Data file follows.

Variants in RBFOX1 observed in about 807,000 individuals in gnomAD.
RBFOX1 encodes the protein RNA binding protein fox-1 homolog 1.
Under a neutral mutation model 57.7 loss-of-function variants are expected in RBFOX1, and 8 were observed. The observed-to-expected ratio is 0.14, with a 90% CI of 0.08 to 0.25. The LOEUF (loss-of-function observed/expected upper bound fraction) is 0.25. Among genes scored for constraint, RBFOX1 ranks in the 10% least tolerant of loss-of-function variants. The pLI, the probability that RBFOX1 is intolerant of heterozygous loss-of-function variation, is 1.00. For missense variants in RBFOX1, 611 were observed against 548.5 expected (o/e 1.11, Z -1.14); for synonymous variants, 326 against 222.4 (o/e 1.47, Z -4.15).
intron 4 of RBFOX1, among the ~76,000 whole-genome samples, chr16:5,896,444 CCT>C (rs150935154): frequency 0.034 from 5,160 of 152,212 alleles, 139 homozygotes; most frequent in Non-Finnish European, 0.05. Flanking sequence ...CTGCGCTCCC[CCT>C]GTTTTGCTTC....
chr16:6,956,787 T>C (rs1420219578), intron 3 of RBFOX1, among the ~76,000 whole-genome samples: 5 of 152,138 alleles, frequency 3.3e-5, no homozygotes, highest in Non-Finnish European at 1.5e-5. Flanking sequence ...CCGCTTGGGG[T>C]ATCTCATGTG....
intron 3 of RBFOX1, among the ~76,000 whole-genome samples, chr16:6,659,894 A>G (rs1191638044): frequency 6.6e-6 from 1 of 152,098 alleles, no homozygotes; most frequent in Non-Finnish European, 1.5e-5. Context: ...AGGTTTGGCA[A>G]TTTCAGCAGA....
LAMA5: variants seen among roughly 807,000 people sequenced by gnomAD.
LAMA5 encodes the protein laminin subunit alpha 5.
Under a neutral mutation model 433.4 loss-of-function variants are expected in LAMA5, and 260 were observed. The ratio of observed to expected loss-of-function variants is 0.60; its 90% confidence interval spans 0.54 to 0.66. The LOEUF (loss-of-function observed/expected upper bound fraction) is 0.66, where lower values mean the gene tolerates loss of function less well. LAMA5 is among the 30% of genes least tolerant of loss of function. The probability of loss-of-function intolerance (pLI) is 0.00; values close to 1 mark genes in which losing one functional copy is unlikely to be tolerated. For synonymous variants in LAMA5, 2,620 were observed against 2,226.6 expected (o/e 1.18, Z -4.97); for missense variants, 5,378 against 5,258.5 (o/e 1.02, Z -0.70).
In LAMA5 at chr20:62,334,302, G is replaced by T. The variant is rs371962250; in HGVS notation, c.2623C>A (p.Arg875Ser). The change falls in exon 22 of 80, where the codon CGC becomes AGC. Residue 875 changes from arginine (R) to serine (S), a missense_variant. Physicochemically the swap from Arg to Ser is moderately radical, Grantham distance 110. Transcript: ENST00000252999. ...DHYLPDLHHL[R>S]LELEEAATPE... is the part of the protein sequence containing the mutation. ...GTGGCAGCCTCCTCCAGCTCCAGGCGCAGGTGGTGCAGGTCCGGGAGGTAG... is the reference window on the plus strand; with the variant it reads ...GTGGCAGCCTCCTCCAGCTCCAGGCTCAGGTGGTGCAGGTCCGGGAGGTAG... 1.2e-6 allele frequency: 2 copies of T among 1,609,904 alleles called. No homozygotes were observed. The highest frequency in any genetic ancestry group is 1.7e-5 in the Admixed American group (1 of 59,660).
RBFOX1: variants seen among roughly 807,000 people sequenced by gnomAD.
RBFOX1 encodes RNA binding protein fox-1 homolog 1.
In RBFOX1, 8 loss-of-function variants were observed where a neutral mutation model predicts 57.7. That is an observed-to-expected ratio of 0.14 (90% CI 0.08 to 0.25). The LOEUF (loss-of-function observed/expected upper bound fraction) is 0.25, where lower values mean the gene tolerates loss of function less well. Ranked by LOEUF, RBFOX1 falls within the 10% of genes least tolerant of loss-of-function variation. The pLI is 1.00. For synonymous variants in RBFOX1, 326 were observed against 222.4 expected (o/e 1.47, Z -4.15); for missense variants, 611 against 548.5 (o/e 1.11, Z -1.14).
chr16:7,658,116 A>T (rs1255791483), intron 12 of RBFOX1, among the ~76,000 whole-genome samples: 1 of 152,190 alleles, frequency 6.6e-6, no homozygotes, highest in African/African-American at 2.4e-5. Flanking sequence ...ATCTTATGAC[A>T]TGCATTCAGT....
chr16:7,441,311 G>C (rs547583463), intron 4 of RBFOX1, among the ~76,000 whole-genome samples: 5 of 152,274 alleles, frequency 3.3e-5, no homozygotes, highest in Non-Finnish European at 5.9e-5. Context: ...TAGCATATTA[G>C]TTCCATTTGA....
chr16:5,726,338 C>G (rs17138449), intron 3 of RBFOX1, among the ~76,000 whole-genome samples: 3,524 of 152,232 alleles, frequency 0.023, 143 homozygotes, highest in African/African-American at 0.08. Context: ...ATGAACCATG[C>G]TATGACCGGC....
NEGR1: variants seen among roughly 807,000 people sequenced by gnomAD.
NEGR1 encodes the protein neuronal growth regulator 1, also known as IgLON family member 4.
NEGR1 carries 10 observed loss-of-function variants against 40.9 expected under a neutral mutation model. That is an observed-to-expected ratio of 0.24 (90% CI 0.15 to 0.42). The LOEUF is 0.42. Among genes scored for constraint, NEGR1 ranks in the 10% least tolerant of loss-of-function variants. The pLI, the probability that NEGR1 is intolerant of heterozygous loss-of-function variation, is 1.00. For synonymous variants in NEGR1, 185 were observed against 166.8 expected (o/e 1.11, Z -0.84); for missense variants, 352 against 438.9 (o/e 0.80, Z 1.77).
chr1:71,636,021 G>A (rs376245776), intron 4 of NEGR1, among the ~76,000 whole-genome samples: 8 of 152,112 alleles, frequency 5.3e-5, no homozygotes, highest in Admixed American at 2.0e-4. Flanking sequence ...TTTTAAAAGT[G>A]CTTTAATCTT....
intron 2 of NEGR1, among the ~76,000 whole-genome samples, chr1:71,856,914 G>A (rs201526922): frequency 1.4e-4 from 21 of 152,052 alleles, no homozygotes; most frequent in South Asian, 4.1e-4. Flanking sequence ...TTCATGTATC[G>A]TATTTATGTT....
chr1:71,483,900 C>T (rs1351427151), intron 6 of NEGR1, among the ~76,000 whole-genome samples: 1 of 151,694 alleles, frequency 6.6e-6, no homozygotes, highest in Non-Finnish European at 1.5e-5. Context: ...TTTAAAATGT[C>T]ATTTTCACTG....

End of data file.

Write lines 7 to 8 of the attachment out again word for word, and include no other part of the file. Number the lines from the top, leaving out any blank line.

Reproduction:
LAMA5: variants seen among roughly 807,000 people sequenced by gnomAD.
LAMA5 encodes the protein laminin subunit alpha 5.